This year again the most international and strongest Chinese Conference in terms of bridging research, policy and business IoT China 2014 offers a tremendous program with senior high level officials, thought leaders and leading and upcoming industry. IOT China 2013 attracted 1526 person-times audiences and 5112 trade visitors from 15 countries and regions as well as China’s 26 provinces and municipalities. Philippe Cousin, Globalmark and Ms. LI Haihua, Vice-Chief Engineer,


Rob van Kranenburg: How to negotiate IoT into a political reality.

We know that the Internet and even the web as we know it were flukes, never intended to end up as they are now. That is the very reason that they came to exist. Engineering paradigm shift in broad daylight having everyone’s attention is far more difficult, if not impossible. You have to find a hinge somewhere, an opening that can really crack a system wide open. It has never worked by trying to persuade policy makers, standard bodies and a general audience.

The ‚normal’, however brief in times of Internet and web (browser being just 21 years old) Read more about Rob van Kranenburg: How to negotiate IoT into a political reality.



Internet of Things drive retail revolution

Source: „A recent survey, which was conducted to examine the effect of the Internet of Things (IoT), has revealed that 83% of respondents surveyed agree that billions of connected and wearable devices talking seamlessly to each other and to service providers, will likely “have widespread and beneficial effects” by 2025. Yaron Assabi, Founder of Digital Solutions Group explains the concept: “At its core, the IoT concept takes devices not previously connected online and integrates them into the digital world. When IoT meets the consumer space, retailers will need to rethink the traditional retail store, because consumers, who are accustomed to their connected devices at home


Robin Muilwijk: The future of Linux, Google's Internet of Things standard, and more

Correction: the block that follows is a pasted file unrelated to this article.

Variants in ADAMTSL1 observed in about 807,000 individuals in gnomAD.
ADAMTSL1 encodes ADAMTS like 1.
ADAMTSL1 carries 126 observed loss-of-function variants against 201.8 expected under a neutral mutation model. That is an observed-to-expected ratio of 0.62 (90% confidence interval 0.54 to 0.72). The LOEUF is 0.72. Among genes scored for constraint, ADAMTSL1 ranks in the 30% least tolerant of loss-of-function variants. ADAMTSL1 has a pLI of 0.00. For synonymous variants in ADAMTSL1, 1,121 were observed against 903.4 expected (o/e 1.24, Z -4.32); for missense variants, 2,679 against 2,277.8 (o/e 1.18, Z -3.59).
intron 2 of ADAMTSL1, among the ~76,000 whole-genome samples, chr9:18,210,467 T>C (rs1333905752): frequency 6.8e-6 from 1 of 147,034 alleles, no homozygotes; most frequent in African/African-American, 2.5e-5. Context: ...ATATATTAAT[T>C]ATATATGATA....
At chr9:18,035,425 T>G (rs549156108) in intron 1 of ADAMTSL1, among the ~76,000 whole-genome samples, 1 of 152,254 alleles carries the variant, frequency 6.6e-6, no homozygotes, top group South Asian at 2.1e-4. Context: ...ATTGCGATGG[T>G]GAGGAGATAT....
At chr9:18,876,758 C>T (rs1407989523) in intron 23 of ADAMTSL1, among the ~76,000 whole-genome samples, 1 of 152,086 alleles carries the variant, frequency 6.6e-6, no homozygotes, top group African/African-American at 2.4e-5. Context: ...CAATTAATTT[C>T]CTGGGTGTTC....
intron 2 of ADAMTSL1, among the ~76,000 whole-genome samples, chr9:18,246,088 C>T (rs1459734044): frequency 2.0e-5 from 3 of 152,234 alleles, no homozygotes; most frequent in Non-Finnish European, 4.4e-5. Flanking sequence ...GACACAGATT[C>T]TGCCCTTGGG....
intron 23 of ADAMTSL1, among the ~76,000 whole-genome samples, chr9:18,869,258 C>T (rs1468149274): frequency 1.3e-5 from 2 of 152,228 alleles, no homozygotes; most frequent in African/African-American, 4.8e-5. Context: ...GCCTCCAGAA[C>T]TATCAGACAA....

Source: „At Tech Republic this week, Matt Asay writes about the future of Linux. Quoted in the article is CoreOS founder and CEO Alex Polvi who says Linux has become fat. "As Linux workloads become ever more specialized, the need for a general purpose Linux distribution declines," writes Asay. He concludes that "Linux, in short, becomes a very thin service for modern developers. CoreOS is worth watching." Asay writes, "Rather than a general purpose Linux with lots of functionality but also unnecessary cruft... thin Linux distributions that do one thing well, like serving email. Read more about Robin Muilwijk: The future of Linux, Google's Internet of Things standard, and more



Danette Breitenbacj: It's coming... The Internet of Things

Source: „One of the biggest shifts since the start of the internet is coming, actually it is already happening. The Internet of Things is, and should be, the most hyped subject at the moment.
So says John Montgomery, COO of GroupM Interaction in North America, when he addressed delegates at the inaugural Social Media Week, which recently took place at the University of the Witwatersrand, Johannesburg, Gauteng. "The Internet of Things is already way beyond hype. It is going to be big. How big? That depends on the source, but by 2020 it will be worth trillions of dollars." 


Mthulisi Sibanda: Startups, consumers seen driving Internet of Things